The other part of the study is how the bridge reacts. For a bridge to remain operational it must be able to act in an elastic manner to extreme loading as well as have little permanent displacement. A common foundation used in bridges is the HP piles. First the pile orientation was observed using the ANSYS finite element modeling program. This task is summarized in the image link below:

3-D models looking at single span, multi-span, and curved bridges are being built in the ANSYS program to find combined loads on the HP piles, reactions of the bolts, stress in the plates, and the response under extreme loading. This study will help in the future for more economical designs for bridges.


Nano-fiber concrete

This study compared attributes of concrete mixes using single-walled carbon nanotubes (SWNT) multi-walled carbon nanotubes (MWNT) as well as the use of micro-synthetic fibers. Images of the Carbon Nanotubes can be seen here:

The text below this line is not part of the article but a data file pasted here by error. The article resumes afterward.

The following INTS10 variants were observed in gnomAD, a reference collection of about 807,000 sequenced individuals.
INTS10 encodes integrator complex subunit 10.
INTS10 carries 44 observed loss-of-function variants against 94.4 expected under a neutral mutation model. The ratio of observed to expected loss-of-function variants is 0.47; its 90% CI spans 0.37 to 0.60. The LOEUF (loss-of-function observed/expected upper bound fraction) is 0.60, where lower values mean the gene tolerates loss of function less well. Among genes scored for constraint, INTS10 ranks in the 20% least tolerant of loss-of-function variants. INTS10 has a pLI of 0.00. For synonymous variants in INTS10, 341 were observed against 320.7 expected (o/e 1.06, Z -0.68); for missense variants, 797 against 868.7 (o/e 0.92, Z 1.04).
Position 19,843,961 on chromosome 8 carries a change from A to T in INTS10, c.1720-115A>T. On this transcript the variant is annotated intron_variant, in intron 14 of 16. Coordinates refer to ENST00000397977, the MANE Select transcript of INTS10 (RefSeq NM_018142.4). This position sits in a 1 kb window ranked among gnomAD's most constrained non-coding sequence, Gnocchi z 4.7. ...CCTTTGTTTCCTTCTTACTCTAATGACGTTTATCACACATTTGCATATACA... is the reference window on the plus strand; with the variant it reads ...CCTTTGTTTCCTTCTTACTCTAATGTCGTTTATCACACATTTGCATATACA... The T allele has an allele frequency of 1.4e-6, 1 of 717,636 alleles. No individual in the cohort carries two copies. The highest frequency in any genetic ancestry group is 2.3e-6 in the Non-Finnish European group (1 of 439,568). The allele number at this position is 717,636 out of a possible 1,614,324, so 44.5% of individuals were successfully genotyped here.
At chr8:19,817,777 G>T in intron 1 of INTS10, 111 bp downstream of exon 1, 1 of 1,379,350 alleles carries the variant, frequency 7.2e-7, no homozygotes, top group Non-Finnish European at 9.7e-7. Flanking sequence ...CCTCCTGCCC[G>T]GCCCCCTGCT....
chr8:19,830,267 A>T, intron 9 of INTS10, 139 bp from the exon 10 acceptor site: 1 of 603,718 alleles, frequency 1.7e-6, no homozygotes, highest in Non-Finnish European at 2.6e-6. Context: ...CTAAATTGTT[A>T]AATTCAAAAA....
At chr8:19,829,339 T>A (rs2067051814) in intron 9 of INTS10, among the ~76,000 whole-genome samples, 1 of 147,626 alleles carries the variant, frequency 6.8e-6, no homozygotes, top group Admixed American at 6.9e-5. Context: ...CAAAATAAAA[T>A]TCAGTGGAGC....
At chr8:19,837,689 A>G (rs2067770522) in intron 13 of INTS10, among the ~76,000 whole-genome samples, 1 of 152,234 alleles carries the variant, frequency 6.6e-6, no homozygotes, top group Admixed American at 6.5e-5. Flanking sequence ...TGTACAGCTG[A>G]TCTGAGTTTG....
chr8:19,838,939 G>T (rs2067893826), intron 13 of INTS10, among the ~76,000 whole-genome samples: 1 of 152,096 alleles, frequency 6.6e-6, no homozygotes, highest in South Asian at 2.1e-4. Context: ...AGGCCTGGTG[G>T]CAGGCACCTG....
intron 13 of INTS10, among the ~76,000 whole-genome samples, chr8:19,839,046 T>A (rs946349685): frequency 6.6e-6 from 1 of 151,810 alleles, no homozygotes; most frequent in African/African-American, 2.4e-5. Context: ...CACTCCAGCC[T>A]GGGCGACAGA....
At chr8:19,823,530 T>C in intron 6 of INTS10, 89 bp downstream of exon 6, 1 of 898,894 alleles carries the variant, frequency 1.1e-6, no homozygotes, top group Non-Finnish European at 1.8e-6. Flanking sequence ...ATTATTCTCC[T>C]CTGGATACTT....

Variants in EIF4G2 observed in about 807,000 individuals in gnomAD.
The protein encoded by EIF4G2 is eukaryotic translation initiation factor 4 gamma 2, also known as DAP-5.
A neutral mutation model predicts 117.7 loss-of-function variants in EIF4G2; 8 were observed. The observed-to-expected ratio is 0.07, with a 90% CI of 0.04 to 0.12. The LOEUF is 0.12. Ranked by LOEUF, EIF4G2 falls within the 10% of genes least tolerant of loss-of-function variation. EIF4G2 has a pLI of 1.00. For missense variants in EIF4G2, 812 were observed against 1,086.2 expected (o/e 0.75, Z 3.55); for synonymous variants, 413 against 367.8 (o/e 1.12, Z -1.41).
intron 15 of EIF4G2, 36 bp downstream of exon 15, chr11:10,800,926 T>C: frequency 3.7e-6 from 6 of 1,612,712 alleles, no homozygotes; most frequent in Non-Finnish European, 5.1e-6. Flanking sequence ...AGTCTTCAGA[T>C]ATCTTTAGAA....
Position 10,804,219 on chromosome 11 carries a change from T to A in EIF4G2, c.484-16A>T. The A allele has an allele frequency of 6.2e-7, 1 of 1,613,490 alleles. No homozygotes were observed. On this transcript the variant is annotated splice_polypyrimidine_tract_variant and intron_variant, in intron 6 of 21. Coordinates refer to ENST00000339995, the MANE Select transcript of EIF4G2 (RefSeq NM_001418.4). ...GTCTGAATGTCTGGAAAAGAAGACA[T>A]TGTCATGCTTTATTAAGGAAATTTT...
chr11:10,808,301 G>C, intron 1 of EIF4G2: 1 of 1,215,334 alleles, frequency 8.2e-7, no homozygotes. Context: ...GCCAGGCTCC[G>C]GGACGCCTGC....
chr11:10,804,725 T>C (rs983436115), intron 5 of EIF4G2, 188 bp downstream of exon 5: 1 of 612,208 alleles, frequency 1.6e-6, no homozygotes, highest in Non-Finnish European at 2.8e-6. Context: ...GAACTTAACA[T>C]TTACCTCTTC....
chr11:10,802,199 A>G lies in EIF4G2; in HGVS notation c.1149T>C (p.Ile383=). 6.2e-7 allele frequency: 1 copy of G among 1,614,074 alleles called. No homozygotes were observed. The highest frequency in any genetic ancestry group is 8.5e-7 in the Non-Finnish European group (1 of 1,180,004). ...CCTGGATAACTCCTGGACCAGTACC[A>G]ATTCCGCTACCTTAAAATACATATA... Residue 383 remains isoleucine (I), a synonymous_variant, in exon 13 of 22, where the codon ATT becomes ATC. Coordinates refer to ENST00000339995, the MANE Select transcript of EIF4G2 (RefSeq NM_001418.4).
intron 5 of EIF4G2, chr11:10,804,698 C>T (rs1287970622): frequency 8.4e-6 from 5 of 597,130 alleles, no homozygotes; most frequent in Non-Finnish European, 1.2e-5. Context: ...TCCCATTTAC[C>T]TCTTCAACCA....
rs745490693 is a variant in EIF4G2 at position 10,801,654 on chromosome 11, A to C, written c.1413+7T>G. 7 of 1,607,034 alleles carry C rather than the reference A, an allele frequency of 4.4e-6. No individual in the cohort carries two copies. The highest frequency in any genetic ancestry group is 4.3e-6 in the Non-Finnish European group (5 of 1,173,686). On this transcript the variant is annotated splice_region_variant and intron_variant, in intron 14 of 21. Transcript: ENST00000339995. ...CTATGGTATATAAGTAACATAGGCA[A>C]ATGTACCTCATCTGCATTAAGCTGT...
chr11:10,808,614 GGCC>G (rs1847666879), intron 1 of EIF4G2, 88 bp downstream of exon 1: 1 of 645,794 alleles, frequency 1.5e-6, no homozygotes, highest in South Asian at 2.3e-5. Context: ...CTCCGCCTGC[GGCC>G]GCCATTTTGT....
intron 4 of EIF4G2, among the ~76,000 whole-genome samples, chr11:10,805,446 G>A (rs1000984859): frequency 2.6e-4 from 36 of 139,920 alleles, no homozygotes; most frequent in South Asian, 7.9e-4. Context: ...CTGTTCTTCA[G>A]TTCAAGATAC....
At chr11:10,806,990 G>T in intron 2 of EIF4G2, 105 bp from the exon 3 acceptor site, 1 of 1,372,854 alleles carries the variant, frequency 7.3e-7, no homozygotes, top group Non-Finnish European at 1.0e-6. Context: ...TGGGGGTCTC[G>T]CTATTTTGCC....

In this study, a simple concrete mix was observed by itself, with micro fibers, with MWNT, and a mix of MWNT and fibers. The first factor looked into was the concrete strength in compressive tests. Then using Scanning Electron Microscope (SEM), the concrete microstructures were observed. The SEM is able to produce nanoscopic images for comparison. Examples of these images are shown below:

The study compared the compressive and buckling strength, stiffness, cracking patterns, microstructures and cost. This investigation has applications in bridges, roadways, pipes, precast/prestressed concrete structural members, where strength as well as cracking control is critical.


Teaching Innovation